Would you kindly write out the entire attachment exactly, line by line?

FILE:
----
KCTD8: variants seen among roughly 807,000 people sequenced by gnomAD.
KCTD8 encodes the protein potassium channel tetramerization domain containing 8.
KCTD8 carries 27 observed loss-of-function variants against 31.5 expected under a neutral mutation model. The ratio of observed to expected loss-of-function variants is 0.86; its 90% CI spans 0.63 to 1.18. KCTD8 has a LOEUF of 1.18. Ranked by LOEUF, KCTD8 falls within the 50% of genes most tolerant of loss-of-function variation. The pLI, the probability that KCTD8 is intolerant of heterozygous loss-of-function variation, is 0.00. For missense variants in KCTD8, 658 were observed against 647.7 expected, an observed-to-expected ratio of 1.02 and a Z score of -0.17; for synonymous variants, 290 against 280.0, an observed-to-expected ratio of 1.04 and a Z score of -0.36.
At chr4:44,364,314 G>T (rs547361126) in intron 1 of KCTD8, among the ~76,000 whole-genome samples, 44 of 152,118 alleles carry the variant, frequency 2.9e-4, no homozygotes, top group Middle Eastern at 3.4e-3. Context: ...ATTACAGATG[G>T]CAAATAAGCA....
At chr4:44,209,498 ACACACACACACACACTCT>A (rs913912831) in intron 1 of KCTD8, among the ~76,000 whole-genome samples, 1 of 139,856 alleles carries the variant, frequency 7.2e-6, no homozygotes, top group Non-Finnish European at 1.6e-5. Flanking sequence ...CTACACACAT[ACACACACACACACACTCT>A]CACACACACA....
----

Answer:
KCTD8: variants seen among roughly 807,000 people sequenced by gnomAD.
KCTD8 encodes the protein potassium channel tetramerization domain containing 8.
KCTD8 carries 27 observed loss-of-function variants against 31.5 expected under a neutral mutation model. The ratio of observed to expected loss-of-function variants is 0.86; its 90% CI spans 0.63 to 1.18. KCTD8 has a LOEUF of 1.18. Ranked by LOEUF, KCTD8 falls within the 50% of genes most tolerant of loss-of-function variation. The pLI, the probability that KCTD8 is intolerant of heterozygous loss-of-function variation, is 0.00. For missense variants in KCTD8, 658 were observed against 647.7 expected, an observed-to-expected ratio of 1.02 and a Z score of -0.17; for synonymous variants, 290 against 280.0, an observed-to-expected ratio of 1.04 and a Z score of -0.36.
At chr4:44,364,314 G>T (rs547361126) in intron 1 of KCTD8, among the ~76,000 whole-genome samples, 44 of 152,118 alleles carry the variant, frequency 2.9e-4, no homozygotes, top group Middle Eastern at 3.4e-3. Context: ...ATTACAGATG[G>T]CAAATAAGCA....
At chr4:44,209,498 ACACACACACACACACTCT>A (rs913912831) in intron 1 of KCTD8, among the ~76,000 whole-genome samples, 1 of 139,856 alleles carries the variant, frequency 7.2e-6, no homozygotes, top group Non-Finnish European at 1.6e-5. Flanking sequence ...CTACACACAT[ACACACACACACACACTCT>A]CACACACACA....